Amazon: Profitable AWS Is A Serious Threat To Cloud Contenders

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All eyes were on the AWS breakout for Amazon's Q1 report.

Contrary to expectations, the segment turned a handsome profit, helping offset overall losses.

Disclosing the details of its cloud operations will likely prompt its competitors to do the same, and its profitability may force them to reconsider their own pricing models.

In my previous article on Amazon (NASDAQ:AMZN), I discussed the notion that AWS might not yet be profitable. With the release of Amazon's Q1 report, it became clear that this is far from the truth. Not only is the segment growing revenue rapidly, but it is actually turning a decent profit. This is in spite of Amazon's aggressive approach to pricing and its relatively slim margins. This is a serious problem from other companies in the cloud space, and may force them to also break out the specifics of their cloud divisions as well as lower their prices.

Calling out the competition

Breaking out the AWS numbers is a thinly-veiled challenge to competitors to do the same, most of which maintain a rather murky way of disclosing their cloud revenue growth rates, let alone actual profits. For example, Microsoft (NASDAQ:MSFT) lumps all of its cloud offerings together, making comparisons between its own Azure infrastructure service and competing products such as AWS difficult. Some analysts maintain that Azure is actually far smaller than the overall cloud numbers would suggest. IBM (NYSE:IBM) has a similarly opaque way of describing its cloud business, also lumping its "as-a-service" offerings together.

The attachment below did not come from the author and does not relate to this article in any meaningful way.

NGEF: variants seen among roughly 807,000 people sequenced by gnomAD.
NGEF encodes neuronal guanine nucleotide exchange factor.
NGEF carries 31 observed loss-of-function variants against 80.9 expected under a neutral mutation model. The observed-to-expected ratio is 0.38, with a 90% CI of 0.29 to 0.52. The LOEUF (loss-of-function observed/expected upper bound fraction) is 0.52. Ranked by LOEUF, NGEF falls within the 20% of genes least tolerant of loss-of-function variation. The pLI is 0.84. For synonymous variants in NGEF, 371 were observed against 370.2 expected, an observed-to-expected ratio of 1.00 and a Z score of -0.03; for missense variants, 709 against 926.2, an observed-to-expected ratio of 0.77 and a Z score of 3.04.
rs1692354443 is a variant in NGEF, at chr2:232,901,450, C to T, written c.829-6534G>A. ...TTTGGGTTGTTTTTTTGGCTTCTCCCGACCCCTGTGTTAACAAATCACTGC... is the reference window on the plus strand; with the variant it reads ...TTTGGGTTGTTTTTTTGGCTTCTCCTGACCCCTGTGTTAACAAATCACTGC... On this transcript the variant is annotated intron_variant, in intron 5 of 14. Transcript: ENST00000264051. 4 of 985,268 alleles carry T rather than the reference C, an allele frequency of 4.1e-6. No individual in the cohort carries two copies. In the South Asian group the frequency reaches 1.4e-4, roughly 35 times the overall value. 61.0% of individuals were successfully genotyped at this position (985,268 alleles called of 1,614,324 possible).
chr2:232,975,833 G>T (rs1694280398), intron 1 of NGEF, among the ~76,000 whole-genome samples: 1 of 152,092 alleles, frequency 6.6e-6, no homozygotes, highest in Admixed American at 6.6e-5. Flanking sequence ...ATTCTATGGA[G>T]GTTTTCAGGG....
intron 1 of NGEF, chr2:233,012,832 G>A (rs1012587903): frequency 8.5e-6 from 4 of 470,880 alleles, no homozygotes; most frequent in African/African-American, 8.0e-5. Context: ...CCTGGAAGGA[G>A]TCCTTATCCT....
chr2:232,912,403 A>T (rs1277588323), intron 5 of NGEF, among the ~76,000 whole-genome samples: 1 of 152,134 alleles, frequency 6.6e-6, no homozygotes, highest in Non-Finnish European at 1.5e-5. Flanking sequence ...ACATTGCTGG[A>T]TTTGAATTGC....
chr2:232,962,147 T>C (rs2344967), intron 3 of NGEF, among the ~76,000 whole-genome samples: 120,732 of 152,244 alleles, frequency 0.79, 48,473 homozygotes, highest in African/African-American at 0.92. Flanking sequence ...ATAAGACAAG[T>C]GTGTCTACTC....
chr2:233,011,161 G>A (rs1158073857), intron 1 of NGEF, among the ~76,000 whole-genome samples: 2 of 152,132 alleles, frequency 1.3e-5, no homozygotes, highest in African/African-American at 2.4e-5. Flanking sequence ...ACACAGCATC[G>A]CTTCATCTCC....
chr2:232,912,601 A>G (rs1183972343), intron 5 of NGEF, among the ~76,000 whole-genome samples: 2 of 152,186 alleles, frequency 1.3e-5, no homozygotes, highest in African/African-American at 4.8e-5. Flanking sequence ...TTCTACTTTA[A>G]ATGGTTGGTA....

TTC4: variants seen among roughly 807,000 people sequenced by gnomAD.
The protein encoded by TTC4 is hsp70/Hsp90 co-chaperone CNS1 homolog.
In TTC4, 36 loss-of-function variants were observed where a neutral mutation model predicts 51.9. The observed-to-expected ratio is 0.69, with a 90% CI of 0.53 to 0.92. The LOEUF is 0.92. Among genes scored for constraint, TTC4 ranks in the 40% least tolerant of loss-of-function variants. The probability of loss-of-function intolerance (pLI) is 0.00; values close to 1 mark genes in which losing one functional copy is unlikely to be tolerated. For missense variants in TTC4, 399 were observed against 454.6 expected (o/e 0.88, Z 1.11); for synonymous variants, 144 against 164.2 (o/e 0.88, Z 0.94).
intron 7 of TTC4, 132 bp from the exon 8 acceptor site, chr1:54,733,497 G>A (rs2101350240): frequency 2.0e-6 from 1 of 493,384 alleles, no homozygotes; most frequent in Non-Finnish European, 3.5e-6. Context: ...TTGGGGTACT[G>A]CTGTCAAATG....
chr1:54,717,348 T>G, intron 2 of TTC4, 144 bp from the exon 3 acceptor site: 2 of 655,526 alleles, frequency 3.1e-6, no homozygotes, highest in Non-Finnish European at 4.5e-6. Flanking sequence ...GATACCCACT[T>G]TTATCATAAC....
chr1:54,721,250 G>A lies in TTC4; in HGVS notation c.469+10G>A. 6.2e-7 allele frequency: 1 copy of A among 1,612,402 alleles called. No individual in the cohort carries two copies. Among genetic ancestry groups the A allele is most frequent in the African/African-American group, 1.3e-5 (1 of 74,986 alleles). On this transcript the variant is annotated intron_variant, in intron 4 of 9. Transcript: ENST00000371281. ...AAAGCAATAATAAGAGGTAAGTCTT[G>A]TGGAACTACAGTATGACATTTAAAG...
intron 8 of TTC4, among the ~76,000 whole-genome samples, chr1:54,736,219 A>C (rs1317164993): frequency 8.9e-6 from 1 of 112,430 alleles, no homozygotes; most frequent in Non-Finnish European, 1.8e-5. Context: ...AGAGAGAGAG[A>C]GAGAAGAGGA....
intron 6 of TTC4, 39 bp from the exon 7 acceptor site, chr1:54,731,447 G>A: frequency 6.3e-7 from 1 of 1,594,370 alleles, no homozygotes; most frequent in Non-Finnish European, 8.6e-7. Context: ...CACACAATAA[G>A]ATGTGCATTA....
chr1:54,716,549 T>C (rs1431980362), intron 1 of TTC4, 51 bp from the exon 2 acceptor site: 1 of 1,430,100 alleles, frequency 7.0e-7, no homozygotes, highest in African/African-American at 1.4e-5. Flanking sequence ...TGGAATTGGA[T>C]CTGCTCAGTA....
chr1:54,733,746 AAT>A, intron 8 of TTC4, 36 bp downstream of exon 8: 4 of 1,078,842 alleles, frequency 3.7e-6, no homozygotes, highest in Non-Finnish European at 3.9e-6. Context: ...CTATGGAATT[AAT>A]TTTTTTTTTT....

There are good reasons why most companies don't provide detailed insight into their cloud operations. It is still a fairly immature business, and this method allows them to maintain the veil of secrecy that surrounds the burgeoning cloud industry as well as spin the numbers in a way that makes them look good. Amazon breaking out the cloud numbers is likely to force competitors to do the same, and not all will come out looking as strong.

The second threat to competitors is the fact that despite its low pricing, AWS is profitable. Its competitors were presumably hoping that its aggressive pricing approach would result in losses, thereby validating their own pricing models. At 16.9%, AWS' EBIT margin is lower than most companies that sell cloud infrastructure. Cisco (NASDAQ:CSCO) for instance works with an EBIT margin of 28%. According to a JP Morgan report, Cisco's prices may have to come down if the company hopes to remain competitive with Amazon's offerings, which would in turn put pressure on its bottom line.

Should this be the case, it would likely cause a ripple effect through the industry, leading to lower prices overall, in turn pressuring margins and the bottom lines of competing cloud infrastructure vendors.


While investors and analysts were pleasantly surprised by the specifics of Amazon's cloud segment, its competitors were in all likelihood quite horrified. The disclosure of the financial details of the business means that they will in all likelihood be expected to do the same, which limits their ability to put a positive spin on their own cloud numbers. Additionally, the fact that Amazon's cutthroat approach to pricing is actually paying off in terms of the bottom line means that its competitors may have to reevaluate their own pricing models to remain competitive.

Disclosure: The author has no positions in any stocks mentioned, and no plans to initiate any positions within the next 72 hours.

The author wrote this article themselves, and it expresses their own opinions. The author is not receiving compensation for it (other than from Seeking Alpha). The author has no business relationship with any company whose stock is mentioned in this article.

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